24 hours in Tel Aviv

After settling into our hotel, we spent what remained of our afternoon walking along the seashore towards Old Jaffa. A bit too late in the day for a dip in the ocean, but I enjoyed the vibe and was reminded of southern California beaches and SoCal surfer culture. We arrived in Old Jaffa at magic hour, just as the sun was beginning to set. It’s a small little neighborhood, many of the shops were closing for the day, but things were still lively in Kedumim Square with evening dancing - many couples were participating and it was fun to watch. Prior to 1949, Jaffa and Tel Aviv were two different municipalities and it felt different than the other parts of the city we visited.  

From there we wandered back towards our hotel, stopping for dinner at Nanuchka, a Georgian-inspired vegan restaurant with some delicious food and cocktails. Awesome vibe as well, funky tables and chairs and lots of art on the walls. We sat inside near the bar. I had their French Lemonade cocktail, which I’d gladly have again – it had a hint of an anise flavor if I remember correctly and wasn’t too sweet or too sour.

After dinner, we headed over to the more touristy part of town and took a walk down Rothschild Boulevard to admire some of the Bauhaus architecture for which the city is known. Dubbed the White City, Tel Aviv’s collection of over 4,000 Bauhaus buildings is also a UNESCO World Heritage site. The buildings were built in the 1930s by German Jewish architects fleeing Nazi Germany. The architectural style is geometric, spacious, devoid of ornamentation, and usually made of concrete. The Bauhaus movement had a huge and lasting impact on art and design.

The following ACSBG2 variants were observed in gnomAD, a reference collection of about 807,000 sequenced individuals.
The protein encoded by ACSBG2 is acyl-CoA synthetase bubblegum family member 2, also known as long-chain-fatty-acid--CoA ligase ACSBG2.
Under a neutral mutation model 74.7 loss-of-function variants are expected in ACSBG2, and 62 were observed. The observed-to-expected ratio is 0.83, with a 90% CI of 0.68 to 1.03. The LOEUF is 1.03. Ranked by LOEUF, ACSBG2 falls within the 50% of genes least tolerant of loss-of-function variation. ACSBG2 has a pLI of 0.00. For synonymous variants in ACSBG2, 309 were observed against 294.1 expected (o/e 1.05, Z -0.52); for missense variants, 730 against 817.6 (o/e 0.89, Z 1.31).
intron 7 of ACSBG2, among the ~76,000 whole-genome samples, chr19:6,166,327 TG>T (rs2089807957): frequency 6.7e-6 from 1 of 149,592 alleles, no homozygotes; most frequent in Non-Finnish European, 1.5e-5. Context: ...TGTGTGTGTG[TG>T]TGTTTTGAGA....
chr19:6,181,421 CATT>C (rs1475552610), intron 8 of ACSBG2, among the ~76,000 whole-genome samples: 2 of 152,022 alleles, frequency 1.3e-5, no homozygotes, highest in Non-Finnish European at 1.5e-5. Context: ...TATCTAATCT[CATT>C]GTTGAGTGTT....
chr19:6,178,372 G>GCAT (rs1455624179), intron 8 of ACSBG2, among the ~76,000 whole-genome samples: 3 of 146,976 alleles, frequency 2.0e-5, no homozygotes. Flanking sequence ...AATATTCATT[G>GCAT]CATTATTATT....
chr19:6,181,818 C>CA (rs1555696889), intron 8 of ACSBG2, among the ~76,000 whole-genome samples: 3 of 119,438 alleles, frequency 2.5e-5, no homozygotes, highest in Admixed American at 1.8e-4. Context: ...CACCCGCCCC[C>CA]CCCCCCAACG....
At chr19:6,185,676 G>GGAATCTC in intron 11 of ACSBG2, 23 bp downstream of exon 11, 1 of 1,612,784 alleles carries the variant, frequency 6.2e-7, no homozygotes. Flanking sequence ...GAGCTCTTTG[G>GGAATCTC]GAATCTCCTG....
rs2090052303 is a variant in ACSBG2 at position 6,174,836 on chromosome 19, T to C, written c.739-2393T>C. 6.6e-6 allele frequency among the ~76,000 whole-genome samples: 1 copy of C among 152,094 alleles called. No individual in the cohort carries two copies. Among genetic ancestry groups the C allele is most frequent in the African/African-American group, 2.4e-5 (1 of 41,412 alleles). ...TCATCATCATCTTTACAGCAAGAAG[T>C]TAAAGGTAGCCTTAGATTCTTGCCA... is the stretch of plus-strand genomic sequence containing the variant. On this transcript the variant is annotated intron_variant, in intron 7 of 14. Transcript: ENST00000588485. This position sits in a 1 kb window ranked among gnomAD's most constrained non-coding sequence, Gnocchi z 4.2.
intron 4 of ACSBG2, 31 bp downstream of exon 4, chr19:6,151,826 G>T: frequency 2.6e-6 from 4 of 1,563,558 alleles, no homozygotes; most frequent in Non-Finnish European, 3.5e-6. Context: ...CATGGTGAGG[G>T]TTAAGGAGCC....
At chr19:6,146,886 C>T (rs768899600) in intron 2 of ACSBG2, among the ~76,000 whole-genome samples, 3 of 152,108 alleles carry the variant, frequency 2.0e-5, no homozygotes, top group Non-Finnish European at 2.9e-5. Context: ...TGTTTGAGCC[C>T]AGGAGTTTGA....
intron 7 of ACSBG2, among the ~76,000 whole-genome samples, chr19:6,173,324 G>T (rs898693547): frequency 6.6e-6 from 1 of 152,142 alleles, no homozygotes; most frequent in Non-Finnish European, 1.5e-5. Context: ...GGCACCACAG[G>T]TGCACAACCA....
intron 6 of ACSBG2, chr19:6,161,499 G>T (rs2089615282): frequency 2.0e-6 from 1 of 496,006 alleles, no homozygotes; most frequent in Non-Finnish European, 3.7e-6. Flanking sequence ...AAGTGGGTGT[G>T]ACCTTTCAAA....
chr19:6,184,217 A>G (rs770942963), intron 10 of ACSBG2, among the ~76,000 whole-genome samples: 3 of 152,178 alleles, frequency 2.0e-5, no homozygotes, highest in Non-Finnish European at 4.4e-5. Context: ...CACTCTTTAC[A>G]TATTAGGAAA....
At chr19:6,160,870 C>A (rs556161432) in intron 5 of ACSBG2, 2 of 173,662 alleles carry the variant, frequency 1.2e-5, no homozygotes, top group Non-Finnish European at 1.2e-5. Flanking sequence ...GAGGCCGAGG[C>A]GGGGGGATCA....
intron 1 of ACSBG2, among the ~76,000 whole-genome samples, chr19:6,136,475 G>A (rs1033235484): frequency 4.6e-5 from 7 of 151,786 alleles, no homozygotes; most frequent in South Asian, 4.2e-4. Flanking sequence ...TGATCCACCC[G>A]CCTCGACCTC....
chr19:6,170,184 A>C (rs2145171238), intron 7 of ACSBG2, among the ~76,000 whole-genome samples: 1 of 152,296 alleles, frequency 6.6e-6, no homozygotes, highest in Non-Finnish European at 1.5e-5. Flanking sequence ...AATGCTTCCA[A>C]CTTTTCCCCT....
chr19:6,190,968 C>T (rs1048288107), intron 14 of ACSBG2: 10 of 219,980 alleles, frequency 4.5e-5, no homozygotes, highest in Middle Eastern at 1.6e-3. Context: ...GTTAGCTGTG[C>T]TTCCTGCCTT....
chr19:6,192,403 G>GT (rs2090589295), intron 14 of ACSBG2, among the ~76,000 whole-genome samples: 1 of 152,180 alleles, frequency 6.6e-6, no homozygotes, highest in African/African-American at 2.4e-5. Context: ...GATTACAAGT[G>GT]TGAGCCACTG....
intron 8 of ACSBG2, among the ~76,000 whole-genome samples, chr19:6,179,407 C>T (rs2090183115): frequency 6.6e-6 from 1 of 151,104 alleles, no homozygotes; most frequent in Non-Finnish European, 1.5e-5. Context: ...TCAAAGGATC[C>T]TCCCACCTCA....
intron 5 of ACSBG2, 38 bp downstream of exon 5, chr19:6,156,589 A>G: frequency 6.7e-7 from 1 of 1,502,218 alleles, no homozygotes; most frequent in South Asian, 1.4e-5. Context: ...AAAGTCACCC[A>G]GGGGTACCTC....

We ended the evening relaxing at Shpagat, one of Tel Aviv’s many café bars. We just happened to walk by and we were drawn in by the relaxed atmosphere and fun stadium seating– turns out (after a quick google) it’s one of Tel Aviv’s top gay bars – something you probably don’t find much of in the Middle East. 

The next day we tried to get an early start, and headed over to the Camel Market in the Yemenite Quarter to check it out and a take some photos. While it wasn’t the most exciting or interesting market I’ve been too, I was awed by the mountains of delicious looking red cherries for sale at the fruit stales. A trip regret: not eating any of them! 

Next up we wandered slowly back towards Rothschild Boulevard in search of some coffee. On the way, we passed what looked to us like a bomb shelter. I honestly thought we’d see a bit more of this sort of thing then we did.

It was at this point in the trip that I realized my bank had frozen my account. Despite an advanced warning of my travels and an acknowledgement on their part, they still froze my account – excellent fraud protection or complete incompetence? You be the judge. Forty-five minutes later and $15 dollars poorer due to the international calling fees, I thought it was sorted – but I was so wrong. More on that later.

Refueled from the coffee but frustrated by my bank, we set out for another walk, this time landing at Meshek Barzilay for lunch. It was a cute little place, we were surrounded by an eclectic mix of local families, international transplants, and presumably, other travelers. We got their chocolate mousse, and it was delicious – sometimes all you need to fix a bad mood is a little chocolate! 

From here we headed over to the Flea Market in Jaffa. It was probably one of my favorite things we did in Tel Aviv. I loved wandering around the neighborhood and in and out of bizarre, over stuffed, antique shops - so many little treasures for sale and interesting tableaus of life there. I could have easily spent another few hours – but with so little time we had to head back to our hotel, gather our bags, and head for the bus station. But, not before wedging in one more amazing meal at the Persian-inspired, Zakaim.

To sum it up, perhaps during our brief stay in Tel Aviv, we spent a lot of time eating and drinking… but in a city known for its food, cafés, and bar culture, it seems a fitting way to spend the time. It was a very comfortable city; one I could easily see my lifestyle fitting into. Hard to imagine a place so relaxing and full of art and culture and free love can be so close to so much turmoil. But that’s Tel Aviv.